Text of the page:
Short Intensive Programs (SIPs) are courses that offer a great opportunity for students to think about career choices, gain practical skills, and explore new topics. These are no-fee, no-credit courses over winter break open to both first-year and second-year students.

We took a closer look at three programs: Accelerating Climate Solutions; Africa Rising: Understanding Business, Entrepreneurship, and the Complexities of a Continent; and Moving Beyond DTC (Direct to Consumer).

In Accelerating Climate Solutions, Professor Eleanor Laurans led the students in exploring how new ventures can create significant financial and societal value by accelerating greenhouse gas emission reductions. The course was designed for any student passionate about the role of business in combating climate change, and for students who may want to start, join or invest in new climate-related ventures.

The course began with a brief grounding in climate science and policy, before digging into the major verticals responsible for emissions: energy, buildings, transportation, food & agriculture, and materials & industrials. For each vertical, the students explored promising early progress (by either incumbents or start-ups) and the critical unsolved problems yet to be addressed.

The students did so with a mix of guest speakers, panels, case studies, articles, and a visit to Boston area climate facilities including Greentown Labs, a climate tech startup incubator. The course tapped into the experiences of leading investors and entrepreneurs, including Erik Snyder of the Drawdown Fund, Scott Jacobs of Generate and Rodi Guidero of Breakthrough Energy. The final phase of the SIP focused on common challenges faced by climate start-ups, such as balancing profit and impact, financing various stages of growth, measuring carbon reduction, and navigating the shifting policy and consumer landscape.

In Africa Rising: Understanding Business, Entrepreneurship, and the Complexities of a Continent, Professor Hakeem Belo-Osagie introduced HBS students to the complexities of Africa – economic, sociological, and historical – and the ways in which these Africa-specific trends impact the opportunities and challenges in undertaking business and entrepreneurship ventures on the continent today.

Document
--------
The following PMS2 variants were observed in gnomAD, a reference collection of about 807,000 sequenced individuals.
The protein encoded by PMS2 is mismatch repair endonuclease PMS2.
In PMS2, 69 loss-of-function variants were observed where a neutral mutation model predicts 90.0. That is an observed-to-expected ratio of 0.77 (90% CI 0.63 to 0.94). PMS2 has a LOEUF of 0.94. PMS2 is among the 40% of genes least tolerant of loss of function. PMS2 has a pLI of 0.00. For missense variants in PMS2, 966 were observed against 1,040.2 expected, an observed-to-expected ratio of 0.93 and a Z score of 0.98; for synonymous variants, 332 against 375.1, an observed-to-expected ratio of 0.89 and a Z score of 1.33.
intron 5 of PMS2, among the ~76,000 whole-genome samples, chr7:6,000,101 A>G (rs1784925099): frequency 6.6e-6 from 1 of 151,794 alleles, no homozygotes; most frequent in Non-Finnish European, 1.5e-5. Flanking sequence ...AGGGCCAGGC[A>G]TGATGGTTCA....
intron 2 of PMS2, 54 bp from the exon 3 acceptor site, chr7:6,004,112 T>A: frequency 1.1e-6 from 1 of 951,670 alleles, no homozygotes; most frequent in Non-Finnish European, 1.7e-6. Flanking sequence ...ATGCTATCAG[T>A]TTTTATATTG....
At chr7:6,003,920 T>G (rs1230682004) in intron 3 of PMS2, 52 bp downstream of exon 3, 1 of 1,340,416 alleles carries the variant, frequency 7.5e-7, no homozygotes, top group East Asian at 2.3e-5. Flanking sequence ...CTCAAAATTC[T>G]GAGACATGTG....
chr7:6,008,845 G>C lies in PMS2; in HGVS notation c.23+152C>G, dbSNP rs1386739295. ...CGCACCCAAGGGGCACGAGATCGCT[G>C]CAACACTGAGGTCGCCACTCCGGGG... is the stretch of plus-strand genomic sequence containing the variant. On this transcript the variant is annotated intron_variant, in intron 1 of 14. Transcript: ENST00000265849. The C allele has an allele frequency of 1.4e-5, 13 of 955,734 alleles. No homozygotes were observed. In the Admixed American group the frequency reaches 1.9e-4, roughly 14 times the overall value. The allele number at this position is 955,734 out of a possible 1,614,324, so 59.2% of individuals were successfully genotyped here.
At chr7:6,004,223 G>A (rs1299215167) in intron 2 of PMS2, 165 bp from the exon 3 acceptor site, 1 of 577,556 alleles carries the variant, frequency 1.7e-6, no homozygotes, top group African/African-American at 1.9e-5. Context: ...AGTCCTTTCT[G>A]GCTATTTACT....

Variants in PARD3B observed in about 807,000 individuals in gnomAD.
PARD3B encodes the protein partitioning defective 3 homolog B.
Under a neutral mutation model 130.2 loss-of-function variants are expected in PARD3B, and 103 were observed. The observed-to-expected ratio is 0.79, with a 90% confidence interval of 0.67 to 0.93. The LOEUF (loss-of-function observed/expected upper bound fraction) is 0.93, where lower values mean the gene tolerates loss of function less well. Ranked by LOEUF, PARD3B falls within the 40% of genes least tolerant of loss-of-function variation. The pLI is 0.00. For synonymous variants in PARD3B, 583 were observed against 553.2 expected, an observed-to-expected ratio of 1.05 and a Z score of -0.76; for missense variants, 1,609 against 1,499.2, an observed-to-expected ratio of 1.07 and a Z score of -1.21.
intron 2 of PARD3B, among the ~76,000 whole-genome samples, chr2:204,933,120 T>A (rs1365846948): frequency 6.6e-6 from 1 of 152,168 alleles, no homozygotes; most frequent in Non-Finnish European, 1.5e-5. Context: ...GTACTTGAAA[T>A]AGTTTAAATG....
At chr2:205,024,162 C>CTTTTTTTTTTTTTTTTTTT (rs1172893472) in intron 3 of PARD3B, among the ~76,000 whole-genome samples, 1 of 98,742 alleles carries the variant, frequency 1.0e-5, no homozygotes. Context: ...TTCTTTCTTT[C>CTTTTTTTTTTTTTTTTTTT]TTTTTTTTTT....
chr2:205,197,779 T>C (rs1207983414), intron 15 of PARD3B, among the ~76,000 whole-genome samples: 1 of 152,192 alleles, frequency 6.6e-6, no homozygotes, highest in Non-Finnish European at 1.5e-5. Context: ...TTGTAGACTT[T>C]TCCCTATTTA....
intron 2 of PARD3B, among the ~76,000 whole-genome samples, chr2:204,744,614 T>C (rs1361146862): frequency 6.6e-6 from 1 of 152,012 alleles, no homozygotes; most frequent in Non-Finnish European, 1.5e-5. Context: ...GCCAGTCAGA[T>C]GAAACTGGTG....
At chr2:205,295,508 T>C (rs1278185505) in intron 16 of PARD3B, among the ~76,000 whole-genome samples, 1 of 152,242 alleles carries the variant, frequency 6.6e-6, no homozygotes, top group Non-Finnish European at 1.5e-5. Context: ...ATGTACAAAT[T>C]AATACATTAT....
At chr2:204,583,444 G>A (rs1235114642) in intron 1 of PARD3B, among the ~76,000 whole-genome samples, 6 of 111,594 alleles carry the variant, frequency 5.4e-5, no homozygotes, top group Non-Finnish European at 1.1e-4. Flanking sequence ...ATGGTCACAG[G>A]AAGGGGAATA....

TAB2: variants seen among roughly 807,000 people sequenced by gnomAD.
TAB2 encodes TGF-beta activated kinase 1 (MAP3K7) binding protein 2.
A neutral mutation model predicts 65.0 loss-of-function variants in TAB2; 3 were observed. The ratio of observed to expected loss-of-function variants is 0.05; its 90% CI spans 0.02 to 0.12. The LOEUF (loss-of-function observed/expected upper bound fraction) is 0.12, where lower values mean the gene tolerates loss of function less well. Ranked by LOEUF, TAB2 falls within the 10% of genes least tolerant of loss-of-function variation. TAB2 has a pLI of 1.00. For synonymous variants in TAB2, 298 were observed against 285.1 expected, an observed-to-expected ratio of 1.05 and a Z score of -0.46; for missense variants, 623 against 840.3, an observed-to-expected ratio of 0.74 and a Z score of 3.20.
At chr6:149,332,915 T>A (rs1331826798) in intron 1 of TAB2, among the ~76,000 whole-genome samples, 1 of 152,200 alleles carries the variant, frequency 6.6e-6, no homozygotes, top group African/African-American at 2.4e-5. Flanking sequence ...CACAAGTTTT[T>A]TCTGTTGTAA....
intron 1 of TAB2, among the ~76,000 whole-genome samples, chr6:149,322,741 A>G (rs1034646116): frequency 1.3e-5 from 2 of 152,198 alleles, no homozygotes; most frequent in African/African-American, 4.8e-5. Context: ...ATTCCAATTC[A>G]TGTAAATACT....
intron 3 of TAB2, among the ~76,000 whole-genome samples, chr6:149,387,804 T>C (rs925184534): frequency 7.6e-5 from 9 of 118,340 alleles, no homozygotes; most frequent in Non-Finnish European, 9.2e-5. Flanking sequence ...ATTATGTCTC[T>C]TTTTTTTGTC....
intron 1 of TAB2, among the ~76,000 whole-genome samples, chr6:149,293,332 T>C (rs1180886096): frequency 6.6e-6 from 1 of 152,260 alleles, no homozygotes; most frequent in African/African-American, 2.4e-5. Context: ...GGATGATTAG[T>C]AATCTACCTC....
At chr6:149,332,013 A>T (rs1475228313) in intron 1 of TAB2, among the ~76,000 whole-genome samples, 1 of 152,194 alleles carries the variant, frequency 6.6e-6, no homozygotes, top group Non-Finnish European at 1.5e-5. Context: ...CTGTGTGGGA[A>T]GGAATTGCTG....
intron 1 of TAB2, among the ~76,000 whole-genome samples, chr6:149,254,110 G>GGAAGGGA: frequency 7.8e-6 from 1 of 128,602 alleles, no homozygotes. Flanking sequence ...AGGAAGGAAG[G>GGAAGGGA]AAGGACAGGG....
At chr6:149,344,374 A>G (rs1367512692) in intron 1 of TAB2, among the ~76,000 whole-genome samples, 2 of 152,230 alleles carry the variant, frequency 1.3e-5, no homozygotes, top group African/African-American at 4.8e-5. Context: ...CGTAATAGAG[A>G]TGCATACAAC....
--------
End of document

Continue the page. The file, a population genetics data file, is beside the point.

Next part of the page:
Drawing upon the active participation of prominent African alumni, as well as others with expertise in the field, Africa Rising offered a big picture understanding of the continent, and the ways in which its past informs the present. At the same time, the course took deep, vertical looks at both the differences and nuances that render Africa unique in today's emerging market landscape, and the similarities that can be drawn from other regions of the Global South and beyond. Africa Rising was crafted to appeal to students who have extensive experience working in Africa and those eager to expand their knowledge.

The course was purposefully designed to leverage student and alumni/expert participation with its format that included live cases, simulations, and Ted-style talks. Course themes included, among others, resilience; long time frames; diversification; leadership; formal and informal structures of power; technology; infrastructure; staffing, personnel, and management.

In Moving Beyond DTC, HBS Professors Ayelet Israeli and Len Schlesinger joined forces with Matt Higgins and an extraordinary lineup of speakers, to focus on delivering real-world perspectives that enable and empower students to build, operate and scale successful DTC businesses into the future.

The future of DTC is happening now. Decades of innovation, pre-existing trends and consumer evolution have been accelerated by a digital movement that was proliferated by COVID-19. However, some of the favorable market trends have changed in recent months. This year, Moving Beyond DTC examined the new challenges that DTC businesses face and the unique strategies that founders have adopted to stay relevant in the wake of the global pandemic and shifting consumer and investor preferences – from reinvesting in retail, introducing new channels, optimizing delivery and last mile logistics, exploring emerging interactive digital channels such as TikTok and the metaverse, and building an approachable brand centered around community.

“The sole purpose of our SIP is to leave everybody who comes into it with the opportunity to understand what it will take for them to create a brand and what it will take for them to grow a brand,” said Professor Israeli.